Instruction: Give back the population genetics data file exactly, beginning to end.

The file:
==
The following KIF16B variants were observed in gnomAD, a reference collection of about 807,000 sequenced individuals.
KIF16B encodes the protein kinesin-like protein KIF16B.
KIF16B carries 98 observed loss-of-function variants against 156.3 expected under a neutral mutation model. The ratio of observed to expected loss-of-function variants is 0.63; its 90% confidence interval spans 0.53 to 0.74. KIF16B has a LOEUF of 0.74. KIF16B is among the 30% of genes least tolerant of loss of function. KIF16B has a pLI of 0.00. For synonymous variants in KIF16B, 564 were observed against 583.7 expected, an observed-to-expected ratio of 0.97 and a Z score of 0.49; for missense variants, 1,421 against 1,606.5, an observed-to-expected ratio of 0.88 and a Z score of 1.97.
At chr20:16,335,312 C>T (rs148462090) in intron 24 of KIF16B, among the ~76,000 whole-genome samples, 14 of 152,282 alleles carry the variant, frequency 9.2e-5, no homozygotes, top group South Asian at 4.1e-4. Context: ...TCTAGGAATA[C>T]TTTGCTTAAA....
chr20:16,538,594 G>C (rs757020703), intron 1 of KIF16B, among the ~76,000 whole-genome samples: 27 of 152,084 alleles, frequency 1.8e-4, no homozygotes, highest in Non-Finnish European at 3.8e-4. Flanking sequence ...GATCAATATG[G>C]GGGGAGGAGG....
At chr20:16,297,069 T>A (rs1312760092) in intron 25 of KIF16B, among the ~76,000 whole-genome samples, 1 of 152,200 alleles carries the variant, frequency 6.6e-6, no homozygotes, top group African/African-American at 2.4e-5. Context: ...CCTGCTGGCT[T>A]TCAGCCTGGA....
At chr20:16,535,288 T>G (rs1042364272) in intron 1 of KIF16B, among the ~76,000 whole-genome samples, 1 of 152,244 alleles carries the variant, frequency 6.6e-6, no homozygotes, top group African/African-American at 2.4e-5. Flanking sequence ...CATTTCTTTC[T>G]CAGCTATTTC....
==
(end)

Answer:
The following KIF16B variants were observed in gnomAD, a reference collection of about 807,000 sequenced individuals.
KIF16B encodes the protein kinesin-like protein KIF16B.
KIF16B carries 98 observed loss-of-function variants against 156.3 expected under a neutral mutation model. The ratio of observed to expected loss-of-function variants is 0.63; its 90% confidence interval spans 0.53 to 0.74. KIF16B has a LOEUF of 0.74. KIF16B is among the 30% of genes least tolerant of loss of function. KIF16B has a pLI of 0.00. For synonymous variants in KIF16B, 564 were observed against 583.7 expected, an observed-to-expected ratio of 0.97 and a Z score of 0.49; for missense variants, 1,421 against 1,606.5, an observed-to-expected ratio of 0.88 and a Z score of 1.97.
At chr20:16,335,312 C>T (rs148462090) in intron 24 of KIF16B, among the ~76,000 whole-genome samples, 14 of 152,282 alleles carry the variant, frequency 9.2e-5, no homozygotes, top group South Asian at 4.1e-4. Context: ...TCTAGGAATA[C>T]TTTGCTTAAA....
chr20:16,538,594 G>C (rs757020703), intron 1 of KIF16B, among the ~76,000 whole-genome samples: 27 of 152,084 alleles, frequency 1.8e-4, no homozygotes, highest in Non-Finnish European at 3.8e-4. Flanking sequence ...GATCAATATG[G>C]GGGGAGGAGG....
At chr20:16,297,069 T>A (rs1312760092) in intron 25 of KIF16B, among the ~76,000 whole-genome samples, 1 of 152,200 alleles carries the variant, frequency 6.6e-6, no homozygotes, top group African/African-American at 2.4e-5. Context: ...CCTGCTGGCT[T>A]TCAGCCTGGA....
At chr20:16,535,288 T>G (rs1042364272) in intron 1 of KIF16B, among the ~76,000 whole-genome samples, 1 of 152,244 alleles carries the variant, frequency 6.6e-6, no homozygotes, top group African/African-American at 2.4e-5. Flanking sequence ...CATTTCTTTC[T>G]CAGCTATTTC....